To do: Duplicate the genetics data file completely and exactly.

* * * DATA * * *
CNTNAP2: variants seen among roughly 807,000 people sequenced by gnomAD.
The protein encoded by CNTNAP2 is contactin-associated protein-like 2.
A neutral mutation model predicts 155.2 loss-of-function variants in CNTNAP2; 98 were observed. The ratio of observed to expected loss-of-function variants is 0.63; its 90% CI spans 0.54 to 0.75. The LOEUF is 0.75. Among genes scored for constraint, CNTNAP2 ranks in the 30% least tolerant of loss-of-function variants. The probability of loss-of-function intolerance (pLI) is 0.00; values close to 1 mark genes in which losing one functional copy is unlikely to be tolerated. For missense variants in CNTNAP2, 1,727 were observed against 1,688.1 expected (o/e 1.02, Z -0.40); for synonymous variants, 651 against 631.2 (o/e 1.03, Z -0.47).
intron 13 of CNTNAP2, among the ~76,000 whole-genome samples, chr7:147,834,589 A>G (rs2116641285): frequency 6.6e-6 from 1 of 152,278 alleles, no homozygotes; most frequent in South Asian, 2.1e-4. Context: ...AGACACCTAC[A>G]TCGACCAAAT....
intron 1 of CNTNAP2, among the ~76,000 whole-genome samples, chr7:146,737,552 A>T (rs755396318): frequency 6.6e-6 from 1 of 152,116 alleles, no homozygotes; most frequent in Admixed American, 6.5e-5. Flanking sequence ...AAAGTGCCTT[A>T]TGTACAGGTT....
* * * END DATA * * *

CNTNAP2: variants seen among roughly 807,000 people sequenced by gnomAD.
The protein encoded by CNTNAP2 is contactin-associated protein-like 2.
A neutral mutation model predicts 155.2 loss-of-function variants in CNTNAP2; 98 were observed. The ratio of observed to expected loss-of-function variants is 0.63; its 90% CI spans 0.54 to 0.75. The LOEUF is 0.75. Among genes scored for constraint, CNTNAP2 ranks in the 30% least tolerant of loss-of-function variants. The probability of loss-of-function intolerance (pLI) is 0.00; values close to 1 mark genes in which losing one functional copy is unlikely to be tolerated. For missense variants in CNTNAP2, 1,727 were observed against 1,688.1 expected (o/e 1.02, Z -0.40); for synonymous variants, 651 against 631.2 (o/e 1.03, Z -0.47).
intron 13 of CNTNAP2, among the ~76,000 whole-genome samples, chr7:147,834,589 A>G (rs2116641285): frequency 6.6e-6 from 1 of 152,278 alleles, no homozygotes; most frequent in South Asian, 2.1e-4. Context: ...AGACACCTAC[A>G]TCGACCAAAT....
intron 1 of CNTNAP2, among the ~76,000 whole-genome samples, chr7:146,737,552 A>T (rs755396318): frequency 6.6e-6 from 1 of 152,116 alleles, no homozygotes; most frequent in Admixed American, 6.5e-5. Flanking sequence ...AAAGTGCCTT[A>T]TGTACAGGTT....